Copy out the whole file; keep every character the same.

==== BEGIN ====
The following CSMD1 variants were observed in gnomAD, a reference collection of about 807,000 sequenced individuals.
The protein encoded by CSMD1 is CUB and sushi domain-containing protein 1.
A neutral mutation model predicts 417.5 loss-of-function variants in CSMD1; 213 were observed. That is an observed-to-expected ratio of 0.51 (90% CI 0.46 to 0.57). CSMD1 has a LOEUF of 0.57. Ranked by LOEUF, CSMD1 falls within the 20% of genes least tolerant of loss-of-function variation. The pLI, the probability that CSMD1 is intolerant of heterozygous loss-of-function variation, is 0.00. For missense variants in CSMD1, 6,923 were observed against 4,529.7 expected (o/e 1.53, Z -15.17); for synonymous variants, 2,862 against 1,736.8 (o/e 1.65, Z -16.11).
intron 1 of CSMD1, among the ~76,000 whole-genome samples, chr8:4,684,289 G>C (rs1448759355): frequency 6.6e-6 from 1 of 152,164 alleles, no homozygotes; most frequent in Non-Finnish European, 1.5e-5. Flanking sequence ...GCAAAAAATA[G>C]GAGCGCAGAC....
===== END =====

The following CSMD1 variants were observed in gnomAD, a reference collection of about 807,000 sequenced individuals.
The protein encoded by CSMD1 is CUB and sushi domain-containing protein 1.
A neutral mutation model predicts 417.5 loss-of-function variants in CSMD1; 213 were observed. That is an observed-to-expected ratio of 0.51 (90% CI 0.46 to 0.57). CSMD1 has a LOEUF of 0.57. Ranked by LOEUF, CSMD1 falls within the 20% of genes least tolerant of loss-of-function variation. The pLI, the probability that CSMD1 is intolerant of heterozygous loss-of-function variation, is 0.00. For missense variants in CSMD1, 6,923 were observed against 4,529.7 expected (o/e 1.53, Z -15.17); for synonymous variants, 2,862 against 1,736.8 (o/e 1.65, Z -16.11).
intron 1 of CSMD1, among the ~76,000 whole-genome samples, chr8:4,684,289 G>C (rs1448759355): frequency 6.6e-6 from 1 of 152,164 alleles, no homozygotes; most frequent in Non-Finnish European, 1.5e-5. Flanking sequence ...GCAAAAAATA[G>C]GAGCGCAGAC....